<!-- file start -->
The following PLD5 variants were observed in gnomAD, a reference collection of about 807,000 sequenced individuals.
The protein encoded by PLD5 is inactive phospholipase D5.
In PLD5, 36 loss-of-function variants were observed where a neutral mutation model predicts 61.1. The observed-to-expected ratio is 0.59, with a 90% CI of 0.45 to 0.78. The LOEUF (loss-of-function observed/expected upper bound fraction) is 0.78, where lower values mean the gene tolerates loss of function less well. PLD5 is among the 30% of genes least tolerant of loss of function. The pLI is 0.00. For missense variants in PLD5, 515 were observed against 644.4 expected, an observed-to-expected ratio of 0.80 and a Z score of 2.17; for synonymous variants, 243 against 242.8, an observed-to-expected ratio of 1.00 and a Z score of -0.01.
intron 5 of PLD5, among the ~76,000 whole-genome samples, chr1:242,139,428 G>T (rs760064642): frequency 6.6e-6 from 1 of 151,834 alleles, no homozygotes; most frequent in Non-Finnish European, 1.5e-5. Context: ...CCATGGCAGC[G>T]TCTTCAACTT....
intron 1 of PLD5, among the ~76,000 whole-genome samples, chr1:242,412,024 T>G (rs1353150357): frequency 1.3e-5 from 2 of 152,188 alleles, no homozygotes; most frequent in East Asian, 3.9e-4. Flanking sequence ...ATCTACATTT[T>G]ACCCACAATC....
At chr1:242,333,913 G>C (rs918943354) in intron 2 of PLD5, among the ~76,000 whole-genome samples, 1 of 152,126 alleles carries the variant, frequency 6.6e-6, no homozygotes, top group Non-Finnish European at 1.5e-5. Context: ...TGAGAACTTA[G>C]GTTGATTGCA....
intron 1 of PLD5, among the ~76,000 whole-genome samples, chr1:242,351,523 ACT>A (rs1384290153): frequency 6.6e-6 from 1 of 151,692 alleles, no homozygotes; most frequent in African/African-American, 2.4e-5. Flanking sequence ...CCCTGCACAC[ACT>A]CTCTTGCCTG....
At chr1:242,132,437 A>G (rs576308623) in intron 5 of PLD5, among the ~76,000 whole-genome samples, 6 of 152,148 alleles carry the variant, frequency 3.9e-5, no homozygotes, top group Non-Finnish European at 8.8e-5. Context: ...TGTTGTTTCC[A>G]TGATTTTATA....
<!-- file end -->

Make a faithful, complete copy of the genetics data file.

The following PLD5 variants were observed in gnomAD, a reference collection of about 807,000 sequenced individuals.
The protein encoded by PLD5 is inactive phospholipase D5.
In PLD5, 36 loss-of-function variants were observed where a neutral mutation model predicts 61.1. The observed-to-expected ratio is 0.59, with a 90% CI of 0.45 to 0.78. The LOEUF (loss-of-function observed/expected upper bound fraction) is 0.78, where lower values mean the gene tolerates loss of function less well. PLD5 is among the 30% of genes least tolerant of loss of function. The pLI is 0.00. For missense variants in PLD5, 515 were observed against 644.4 expected, an observed-to-expected ratio of 0.80 and a Z score of 2.17; for synonymous variants, 243 against 242.8, an observed-to-expected ratio of 1.00 and a Z score of -0.01.
intron 5 of PLD5, among the ~76,000 whole-genome samples, chr1:242,139,428 G>T (rs760064642): frequency 6.6e-6 from 1 of 151,834 alleles, no homozygotes; most frequent in Non-Finnish European, 1.5e-5. Context: ...CCATGGCAGC[G>T]TCTTCAACTT....
intron 1 of PLD5, among the ~76,000 whole-genome samples, chr1:242,412,024 T>G (rs1353150357): frequency 1.3e-5 from 2 of 152,188 alleles, no homozygotes; most frequent in East Asian, 3.9e-4. Flanking sequence ...ATCTACATTT[T>G]ACCCACAATC....
At chr1:242,333,913 G>C (rs918943354) in intron 2 of PLD5, among the ~76,000 whole-genome samples, 1 of 152,126 alleles carries the variant, frequency 6.6e-6, no homozygotes, top group Non-Finnish European at 1.5e-5. Context: ...TGAGAACTTA[G>C]GTTGATTGCA....
intron 1 of PLD5, among the ~76,000 whole-genome samples, chr1:242,351,523 ACT>A (rs1384290153): frequency 6.6e-6 from 1 of 151,692 alleles, no homozygotes; most frequent in African/African-American, 2.4e-5. Flanking sequence ...CCCTGCACAC[ACT>A]CTCTTGCCTG....
At chr1:242,132,437 A>G (rs576308623) in intron 5 of PLD5, among the ~76,000 whole-genome samples, 6 of 152,148 alleles carry the variant, frequency 3.9e-5, no homozygotes, top group Non-Finnish European at 8.8e-5. Context: ...TGTTGTTTCC[A>G]TGATTTTATA....